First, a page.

Being Open with Workers to Promote Ethical Behavior from Management Down
Most business leaders face the perennial problem of encouraging their employees to think like owners. Open book management, the practice of sharing financial and other information with your workers, can help you get more from your staff — more productivity, more concern about the company’s well-being, and more ethical behavior.
To get the most out of open book management, be sure to add these elements:
Profit sharing: The goal of open book management is to get employees thinking like business owners, and sharing the company’s profits with employees is a common way to foster that sense of ownership.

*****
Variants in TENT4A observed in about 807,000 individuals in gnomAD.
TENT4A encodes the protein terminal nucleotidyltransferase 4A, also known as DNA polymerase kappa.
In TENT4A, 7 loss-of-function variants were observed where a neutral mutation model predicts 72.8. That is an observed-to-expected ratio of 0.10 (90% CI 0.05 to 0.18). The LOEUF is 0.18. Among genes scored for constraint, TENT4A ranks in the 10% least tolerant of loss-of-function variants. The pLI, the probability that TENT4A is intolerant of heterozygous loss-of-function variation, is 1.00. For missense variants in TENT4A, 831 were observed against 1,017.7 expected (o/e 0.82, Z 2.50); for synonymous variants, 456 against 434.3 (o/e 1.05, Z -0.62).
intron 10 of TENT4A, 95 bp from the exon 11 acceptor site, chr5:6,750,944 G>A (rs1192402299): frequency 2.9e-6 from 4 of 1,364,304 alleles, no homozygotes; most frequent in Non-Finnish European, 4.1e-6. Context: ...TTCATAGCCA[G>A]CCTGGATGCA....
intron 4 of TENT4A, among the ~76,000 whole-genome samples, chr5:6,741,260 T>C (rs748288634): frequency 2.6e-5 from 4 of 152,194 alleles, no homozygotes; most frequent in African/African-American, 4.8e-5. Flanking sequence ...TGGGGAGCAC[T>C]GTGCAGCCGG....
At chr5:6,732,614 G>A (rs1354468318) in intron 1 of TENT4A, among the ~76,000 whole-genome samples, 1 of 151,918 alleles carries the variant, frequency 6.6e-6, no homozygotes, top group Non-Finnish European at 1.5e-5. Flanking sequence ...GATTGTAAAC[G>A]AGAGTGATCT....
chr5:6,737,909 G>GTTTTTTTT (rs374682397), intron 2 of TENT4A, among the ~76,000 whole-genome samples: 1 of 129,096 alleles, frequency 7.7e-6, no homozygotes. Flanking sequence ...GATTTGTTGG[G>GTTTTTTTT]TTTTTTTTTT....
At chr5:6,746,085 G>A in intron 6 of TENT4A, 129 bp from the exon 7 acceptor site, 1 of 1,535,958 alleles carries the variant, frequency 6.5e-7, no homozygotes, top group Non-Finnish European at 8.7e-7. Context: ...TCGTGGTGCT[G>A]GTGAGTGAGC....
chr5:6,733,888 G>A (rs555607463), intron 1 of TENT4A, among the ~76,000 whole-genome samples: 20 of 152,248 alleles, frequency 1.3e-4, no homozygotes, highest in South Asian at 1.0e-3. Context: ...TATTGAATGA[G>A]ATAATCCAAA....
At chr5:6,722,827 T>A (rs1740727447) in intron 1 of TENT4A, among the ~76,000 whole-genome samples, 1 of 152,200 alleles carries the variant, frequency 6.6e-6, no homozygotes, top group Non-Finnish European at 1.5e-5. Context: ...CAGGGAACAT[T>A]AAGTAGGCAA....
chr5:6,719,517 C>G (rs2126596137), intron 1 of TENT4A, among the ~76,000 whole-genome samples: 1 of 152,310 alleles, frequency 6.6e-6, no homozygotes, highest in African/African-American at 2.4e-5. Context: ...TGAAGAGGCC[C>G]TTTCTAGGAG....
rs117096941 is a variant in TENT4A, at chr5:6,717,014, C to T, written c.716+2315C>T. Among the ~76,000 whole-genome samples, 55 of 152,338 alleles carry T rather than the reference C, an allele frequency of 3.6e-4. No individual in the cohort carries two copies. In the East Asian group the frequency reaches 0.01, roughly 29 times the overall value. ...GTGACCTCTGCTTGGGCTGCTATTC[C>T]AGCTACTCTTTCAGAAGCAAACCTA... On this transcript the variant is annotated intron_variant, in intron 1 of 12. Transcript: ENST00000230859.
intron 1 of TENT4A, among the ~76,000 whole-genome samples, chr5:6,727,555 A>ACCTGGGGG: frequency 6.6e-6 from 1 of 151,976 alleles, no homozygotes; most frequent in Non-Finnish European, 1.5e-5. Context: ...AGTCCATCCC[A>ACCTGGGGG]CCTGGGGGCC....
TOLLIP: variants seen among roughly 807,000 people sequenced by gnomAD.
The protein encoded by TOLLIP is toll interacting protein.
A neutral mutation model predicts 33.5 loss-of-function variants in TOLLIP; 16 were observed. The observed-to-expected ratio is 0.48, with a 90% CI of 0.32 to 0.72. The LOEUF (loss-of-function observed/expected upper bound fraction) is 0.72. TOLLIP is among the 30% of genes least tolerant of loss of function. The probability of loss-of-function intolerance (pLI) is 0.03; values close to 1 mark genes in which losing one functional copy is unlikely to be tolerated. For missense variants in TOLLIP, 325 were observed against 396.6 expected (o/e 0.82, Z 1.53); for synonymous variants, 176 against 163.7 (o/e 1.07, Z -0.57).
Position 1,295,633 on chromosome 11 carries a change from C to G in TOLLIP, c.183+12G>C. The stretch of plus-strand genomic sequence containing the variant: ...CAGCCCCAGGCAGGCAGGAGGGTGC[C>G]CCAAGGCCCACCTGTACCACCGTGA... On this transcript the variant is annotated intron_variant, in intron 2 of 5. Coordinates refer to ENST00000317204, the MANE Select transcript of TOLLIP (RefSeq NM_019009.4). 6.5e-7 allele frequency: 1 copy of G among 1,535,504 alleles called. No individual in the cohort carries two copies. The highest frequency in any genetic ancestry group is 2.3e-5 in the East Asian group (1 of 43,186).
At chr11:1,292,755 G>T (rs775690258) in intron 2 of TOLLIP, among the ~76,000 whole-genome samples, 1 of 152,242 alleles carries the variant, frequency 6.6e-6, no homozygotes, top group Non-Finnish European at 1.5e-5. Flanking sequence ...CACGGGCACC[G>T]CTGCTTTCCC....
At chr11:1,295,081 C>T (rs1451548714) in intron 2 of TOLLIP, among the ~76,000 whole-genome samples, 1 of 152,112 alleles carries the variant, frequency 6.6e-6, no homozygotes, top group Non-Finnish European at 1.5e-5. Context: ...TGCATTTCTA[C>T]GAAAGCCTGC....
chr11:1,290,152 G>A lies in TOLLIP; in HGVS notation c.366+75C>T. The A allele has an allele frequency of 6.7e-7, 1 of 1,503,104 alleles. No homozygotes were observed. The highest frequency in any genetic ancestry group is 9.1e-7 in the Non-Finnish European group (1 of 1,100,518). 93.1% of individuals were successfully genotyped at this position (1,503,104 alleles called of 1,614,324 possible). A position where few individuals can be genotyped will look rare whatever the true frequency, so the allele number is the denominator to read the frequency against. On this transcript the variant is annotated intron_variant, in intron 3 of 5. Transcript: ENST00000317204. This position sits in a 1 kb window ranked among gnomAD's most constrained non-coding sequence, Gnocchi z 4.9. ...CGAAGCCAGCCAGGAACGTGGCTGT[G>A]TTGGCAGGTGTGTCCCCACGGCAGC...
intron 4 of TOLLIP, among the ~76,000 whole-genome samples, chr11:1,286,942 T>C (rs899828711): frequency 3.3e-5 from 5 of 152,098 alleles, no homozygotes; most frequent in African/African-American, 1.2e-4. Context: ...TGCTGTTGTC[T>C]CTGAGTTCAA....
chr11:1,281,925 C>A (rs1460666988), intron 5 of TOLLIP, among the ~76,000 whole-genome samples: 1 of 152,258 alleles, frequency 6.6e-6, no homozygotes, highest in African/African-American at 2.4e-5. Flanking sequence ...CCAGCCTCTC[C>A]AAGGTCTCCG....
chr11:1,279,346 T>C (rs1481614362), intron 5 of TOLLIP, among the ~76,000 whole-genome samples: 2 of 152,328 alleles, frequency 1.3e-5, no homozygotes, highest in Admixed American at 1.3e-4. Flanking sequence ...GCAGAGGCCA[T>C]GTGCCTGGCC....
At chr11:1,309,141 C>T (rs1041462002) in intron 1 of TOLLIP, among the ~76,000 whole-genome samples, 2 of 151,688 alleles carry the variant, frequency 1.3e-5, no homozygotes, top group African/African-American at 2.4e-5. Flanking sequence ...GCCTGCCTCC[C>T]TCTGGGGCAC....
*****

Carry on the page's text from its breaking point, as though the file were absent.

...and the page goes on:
Team or work-group structures: Having cohesive small work groups is one major key to increasing productivity. Employees who feel unconnected to their colleagues are less satisfied with their jobs and may be more prone to misbehave.
A culture of top-down respect for each employee’s contributions, skills, and talents: Las Vegas casino mogul Steve Wynn says the most important people in his organization are the door attendants, because they’re the first ones patrons interact with when they come to a Wynn property. Avoid getting hung up on corporate titles, and instead look at what each employee does every day to help your company succeed.
A “what can we learn from this” approach to mistakes: Sure, you need to take corrective action when something goes wrong, but don’t limit your corrections to disciplining the person who made the mistake. Invite opinions and ideas on how to prevent repeat incidents without stifling creativity or innovation.
Companies that have successfully implemented open book management include Farm Bureau Mutual Insurance Company, Kindermusik International, and Nucor Corporation.